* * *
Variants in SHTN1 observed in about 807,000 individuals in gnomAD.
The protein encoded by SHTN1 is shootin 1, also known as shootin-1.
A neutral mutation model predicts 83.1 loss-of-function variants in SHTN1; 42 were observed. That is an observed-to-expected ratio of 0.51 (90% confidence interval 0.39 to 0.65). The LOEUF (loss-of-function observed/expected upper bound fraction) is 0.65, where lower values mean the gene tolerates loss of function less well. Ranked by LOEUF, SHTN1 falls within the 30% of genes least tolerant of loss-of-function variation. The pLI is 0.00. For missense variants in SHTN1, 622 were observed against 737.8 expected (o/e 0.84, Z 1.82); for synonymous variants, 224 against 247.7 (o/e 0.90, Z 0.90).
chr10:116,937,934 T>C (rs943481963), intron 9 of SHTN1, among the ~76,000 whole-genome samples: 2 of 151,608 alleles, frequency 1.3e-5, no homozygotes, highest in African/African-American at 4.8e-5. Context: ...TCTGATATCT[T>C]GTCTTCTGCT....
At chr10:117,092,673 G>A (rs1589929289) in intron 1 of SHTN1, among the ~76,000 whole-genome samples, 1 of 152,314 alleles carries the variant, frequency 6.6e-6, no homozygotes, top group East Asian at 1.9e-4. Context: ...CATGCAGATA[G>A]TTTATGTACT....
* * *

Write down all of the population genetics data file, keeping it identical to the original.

Variants in SHTN1 observed in about 807,000 individuals in gnomAD.
The protein encoded by SHTN1 is shootin 1, also known as shootin-1.
A neutral mutation model predicts 83.1 loss-of-function variants in SHTN1; 42 were observed. That is an observed-to-expected ratio of 0.51 (90% confidence interval 0.39 to 0.65). The LOEUF (loss-of-function observed/expected upper bound fraction) is 0.65, where lower values mean the gene tolerates loss of function less well. Ranked by LOEUF, SHTN1 falls within the 30% of genes least tolerant of loss-of-function variation. The pLI is 0.00. For missense variants in SHTN1, 622 were observed against 737.8 expected (o/e 0.84, Z 1.82); for synonymous variants, 224 against 247.7 (o/e 0.90, Z 0.90).
chr10:116,937,934 T>C (rs943481963), intron 9 of SHTN1, among the ~76,000 whole-genome samples: 2 of 151,608 alleles, frequency 1.3e-5, no homozygotes, highest in African/African-American at 4.8e-5. Context: ...TCTGATATCT[T>C]GTCTTCTGCT....
At chr10:117,092,673 G>A (rs1589929289) in intron 1 of SHTN1, among the ~76,000 whole-genome samples, 1 of 152,314 alleles carries the variant, frequency 6.6e-6, no homozygotes, top group East Asian at 1.9e-4. Context: ...CATGCAGATA[G>A]TTTATGTACT....